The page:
October 26th, 2018

Suppressor Myth Busting — Do Silencers Degrade Accuracy?

Shooting Sports Suppressor Sound

Shooting Sports Suppressor SoundAre sound suppressors useful in competition shooting? In some disciplines, and in venues where sound “moderators” are permitted, the answer is “yes”. Some years ago Shooting Sports USA (SSUSA), published an interesting article about the use of sound suppressors (aka “cans”). The article explores the use of suppressors in Europe and in tactical matches in North America. You’ll also find an explanation of the rules and regulations governing suppressor ownership and use in the United States.

Former SSUSA Editor Chip Lohman tested three rifles from the bench and found that suppressors did not harm accuracy (at least with these rigs). In fact, all three test rifles (.223 Rem, .308 Win, and .338 Lapua Magnum), shot slightly better 5-shot groups at 200 yards with a suppressor than without. However, the suppressors did alter point of impact. Interestingly, velocity standard deviation (SD) values were lower with suppressors in place for all three test rifles. This observation calls for further study.*

CLICK HERE to Read Suppressor Article in Shooting Sports USA.

Shooting Sports Suppressor Sound

So the use of suppressors in competition could be a good thing. However, in the United States, current NRA High Power rules prohibit the use of sound suppressors. NRA Rule 3.16.1 subsection (a) states: “Sound Suppressors are not authorized for use in High Power competition.” In addition, there are some practical problems with suppressors — the heat rising off of a naked suppressor can create mirage problems (that’s why some shooters wrap their cans with a cover).

Despite such issues, it is now common to see moderators on rifles used in non-NRA-sanctioned tactical matches such as the Precision Rifle Series. For example, many competitors in the popular Steel Safari field challenge match use suppressors. The photo below shows our friend Zak Smith competing in the Steel Safari with his suppressed Accuracy International rifle.

Zak Smith Thunder Beast Steel Safari Suppressor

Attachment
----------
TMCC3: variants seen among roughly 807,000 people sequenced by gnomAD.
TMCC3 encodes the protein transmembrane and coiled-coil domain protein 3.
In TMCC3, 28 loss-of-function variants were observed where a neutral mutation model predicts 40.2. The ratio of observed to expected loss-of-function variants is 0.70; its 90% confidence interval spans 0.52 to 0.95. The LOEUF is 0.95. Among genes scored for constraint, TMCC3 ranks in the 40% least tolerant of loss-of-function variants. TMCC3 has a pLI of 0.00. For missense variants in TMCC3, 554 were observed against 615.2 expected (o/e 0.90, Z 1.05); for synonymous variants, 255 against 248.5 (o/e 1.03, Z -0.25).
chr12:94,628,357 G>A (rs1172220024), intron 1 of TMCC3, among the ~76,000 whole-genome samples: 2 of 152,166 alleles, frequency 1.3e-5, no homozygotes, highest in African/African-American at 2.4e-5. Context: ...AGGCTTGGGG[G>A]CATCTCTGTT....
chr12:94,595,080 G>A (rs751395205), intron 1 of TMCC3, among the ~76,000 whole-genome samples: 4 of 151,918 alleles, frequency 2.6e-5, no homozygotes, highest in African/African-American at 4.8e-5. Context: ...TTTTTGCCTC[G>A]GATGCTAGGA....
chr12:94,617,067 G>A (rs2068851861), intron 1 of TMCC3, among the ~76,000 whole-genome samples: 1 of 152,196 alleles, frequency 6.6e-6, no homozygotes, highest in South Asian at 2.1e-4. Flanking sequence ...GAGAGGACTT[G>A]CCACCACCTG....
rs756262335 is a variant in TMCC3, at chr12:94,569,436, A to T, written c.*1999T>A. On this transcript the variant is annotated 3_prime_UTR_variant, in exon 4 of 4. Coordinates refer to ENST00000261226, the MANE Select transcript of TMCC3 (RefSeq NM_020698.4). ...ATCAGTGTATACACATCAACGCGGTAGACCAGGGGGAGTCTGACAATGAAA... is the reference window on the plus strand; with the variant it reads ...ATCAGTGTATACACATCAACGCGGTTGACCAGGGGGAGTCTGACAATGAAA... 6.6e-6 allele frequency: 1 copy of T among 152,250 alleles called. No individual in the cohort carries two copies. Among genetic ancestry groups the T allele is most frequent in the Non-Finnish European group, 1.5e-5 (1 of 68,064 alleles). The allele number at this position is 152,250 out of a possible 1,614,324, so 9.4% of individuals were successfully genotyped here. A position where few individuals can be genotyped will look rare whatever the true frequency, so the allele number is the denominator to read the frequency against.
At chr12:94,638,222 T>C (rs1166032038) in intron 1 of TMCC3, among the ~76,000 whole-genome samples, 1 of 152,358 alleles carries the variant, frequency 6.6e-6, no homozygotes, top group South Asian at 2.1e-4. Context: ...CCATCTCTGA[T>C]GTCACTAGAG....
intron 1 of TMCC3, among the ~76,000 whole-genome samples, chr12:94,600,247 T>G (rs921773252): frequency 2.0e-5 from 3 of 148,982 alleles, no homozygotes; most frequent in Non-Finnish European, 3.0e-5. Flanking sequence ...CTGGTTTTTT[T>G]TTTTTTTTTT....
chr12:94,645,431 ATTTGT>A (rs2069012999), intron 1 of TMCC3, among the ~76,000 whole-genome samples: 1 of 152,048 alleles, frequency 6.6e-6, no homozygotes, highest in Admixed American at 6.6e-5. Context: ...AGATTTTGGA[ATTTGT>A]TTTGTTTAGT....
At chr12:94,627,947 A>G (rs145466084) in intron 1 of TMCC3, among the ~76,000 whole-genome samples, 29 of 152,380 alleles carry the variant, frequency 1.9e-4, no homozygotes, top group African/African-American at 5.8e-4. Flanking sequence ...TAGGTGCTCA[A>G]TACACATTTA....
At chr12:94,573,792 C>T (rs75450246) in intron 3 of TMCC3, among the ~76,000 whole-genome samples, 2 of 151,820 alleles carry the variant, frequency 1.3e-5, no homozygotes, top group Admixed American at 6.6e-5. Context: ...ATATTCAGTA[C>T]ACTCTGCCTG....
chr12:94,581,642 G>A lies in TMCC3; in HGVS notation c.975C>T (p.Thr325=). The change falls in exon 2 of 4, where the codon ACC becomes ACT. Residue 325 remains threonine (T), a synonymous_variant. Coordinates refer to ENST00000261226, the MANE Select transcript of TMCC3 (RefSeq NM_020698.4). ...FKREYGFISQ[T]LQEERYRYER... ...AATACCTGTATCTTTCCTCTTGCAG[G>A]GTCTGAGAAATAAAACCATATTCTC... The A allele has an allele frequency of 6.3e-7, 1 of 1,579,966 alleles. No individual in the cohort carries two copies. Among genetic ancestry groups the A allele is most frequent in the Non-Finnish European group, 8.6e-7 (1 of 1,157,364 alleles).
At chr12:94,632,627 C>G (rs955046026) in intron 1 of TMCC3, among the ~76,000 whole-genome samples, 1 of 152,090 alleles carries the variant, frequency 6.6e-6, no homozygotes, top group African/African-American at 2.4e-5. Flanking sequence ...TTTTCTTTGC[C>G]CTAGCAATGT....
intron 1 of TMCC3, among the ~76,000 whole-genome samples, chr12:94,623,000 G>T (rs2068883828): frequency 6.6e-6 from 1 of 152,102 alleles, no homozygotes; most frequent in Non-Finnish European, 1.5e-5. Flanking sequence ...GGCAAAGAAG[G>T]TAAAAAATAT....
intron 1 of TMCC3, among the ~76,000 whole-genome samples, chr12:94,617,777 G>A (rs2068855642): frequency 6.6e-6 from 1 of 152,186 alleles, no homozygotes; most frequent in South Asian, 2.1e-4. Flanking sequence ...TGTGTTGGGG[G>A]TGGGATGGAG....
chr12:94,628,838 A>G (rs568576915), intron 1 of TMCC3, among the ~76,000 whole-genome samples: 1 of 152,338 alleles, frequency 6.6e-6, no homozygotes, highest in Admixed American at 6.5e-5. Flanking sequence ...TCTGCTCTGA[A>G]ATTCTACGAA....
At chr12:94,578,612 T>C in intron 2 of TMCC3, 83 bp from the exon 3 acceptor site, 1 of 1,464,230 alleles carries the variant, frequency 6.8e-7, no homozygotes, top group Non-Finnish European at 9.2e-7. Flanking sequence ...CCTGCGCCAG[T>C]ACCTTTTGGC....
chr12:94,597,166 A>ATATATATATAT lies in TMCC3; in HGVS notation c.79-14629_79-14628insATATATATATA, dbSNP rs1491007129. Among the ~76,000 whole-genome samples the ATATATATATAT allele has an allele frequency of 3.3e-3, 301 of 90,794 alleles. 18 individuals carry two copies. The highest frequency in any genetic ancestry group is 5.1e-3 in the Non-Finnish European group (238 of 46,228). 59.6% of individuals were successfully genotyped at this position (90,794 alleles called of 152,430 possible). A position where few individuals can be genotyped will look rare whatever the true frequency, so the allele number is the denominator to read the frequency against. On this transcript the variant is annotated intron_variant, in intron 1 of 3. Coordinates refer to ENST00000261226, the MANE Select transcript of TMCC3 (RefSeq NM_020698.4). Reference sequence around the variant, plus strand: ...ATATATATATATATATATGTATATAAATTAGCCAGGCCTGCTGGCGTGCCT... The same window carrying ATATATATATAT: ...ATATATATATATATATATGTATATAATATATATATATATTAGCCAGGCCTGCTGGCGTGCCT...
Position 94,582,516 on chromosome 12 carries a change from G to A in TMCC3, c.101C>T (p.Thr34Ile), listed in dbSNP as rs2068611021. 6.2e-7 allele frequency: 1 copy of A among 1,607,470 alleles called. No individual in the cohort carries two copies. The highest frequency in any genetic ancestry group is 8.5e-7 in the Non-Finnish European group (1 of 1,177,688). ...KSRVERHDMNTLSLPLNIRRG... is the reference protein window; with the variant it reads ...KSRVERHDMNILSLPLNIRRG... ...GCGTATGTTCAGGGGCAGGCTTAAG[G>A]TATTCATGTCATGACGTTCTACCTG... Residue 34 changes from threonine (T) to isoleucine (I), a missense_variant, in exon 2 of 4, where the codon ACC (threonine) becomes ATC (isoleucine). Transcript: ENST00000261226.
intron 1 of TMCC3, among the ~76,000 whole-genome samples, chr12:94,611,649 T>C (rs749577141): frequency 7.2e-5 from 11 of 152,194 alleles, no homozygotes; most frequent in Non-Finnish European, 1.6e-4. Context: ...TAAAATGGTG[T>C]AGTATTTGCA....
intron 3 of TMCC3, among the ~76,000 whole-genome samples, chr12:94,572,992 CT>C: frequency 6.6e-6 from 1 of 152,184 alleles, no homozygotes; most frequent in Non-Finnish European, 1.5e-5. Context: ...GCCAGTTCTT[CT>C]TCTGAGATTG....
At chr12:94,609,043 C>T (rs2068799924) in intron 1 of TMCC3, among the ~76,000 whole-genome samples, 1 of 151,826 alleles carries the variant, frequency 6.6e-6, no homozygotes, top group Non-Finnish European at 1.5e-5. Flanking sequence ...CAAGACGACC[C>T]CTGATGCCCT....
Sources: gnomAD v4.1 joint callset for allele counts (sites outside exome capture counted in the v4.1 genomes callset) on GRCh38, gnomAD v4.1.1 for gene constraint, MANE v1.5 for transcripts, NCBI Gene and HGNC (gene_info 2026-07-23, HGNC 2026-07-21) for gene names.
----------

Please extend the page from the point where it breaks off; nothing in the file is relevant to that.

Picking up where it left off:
Commentary — What Can We Conclude?
Obviously, this three-rifle SSUSA test was not definitive. One well might observe different results with different types of suppressors, fitted to different kinds of rifles. Mounting a suppressor to any barrel will certainly affect harmonics and “tune”. But this SSUSA study does suggest that tactical shooters, who are allowed to use suppressors in competition, may find that the benefits of suppressors (significantly reduced recoil and less noise) outweigh any meaningful accuracy loss, at least in PRS-type matches.

*The article cautions that one should not extrapolate too much from the SD numbers, given the low number of test shots. Chronograph-maker Ken Oehler, when asked to comment on the SD values stated: “[You should] report the observed SDs, but draw no conclusions until… you can do more testing with larger sample sizes.”
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October 26th, 2018

Stick, Flake, and Ball — Do You Know Your Powder Properties?

Widener's Reloading Smokeless Powder propellant Guide

Widener’s Reloading & Shooting Supply recently published a helpful introduction to reloading powders. Widener’s online Guide to Smokeless Powders shows the various types of powders, and explains how the differences in powder kernel/flake size and shape, and burn rate affect performance. We recommend you visit Widener’s website and read the Powder Guide in full.

Take a close look at these illustrations which show the key differences between the four main powder types: extruded (stick) powder, ball (spherical) powder, flattened ball powder, and flake powder.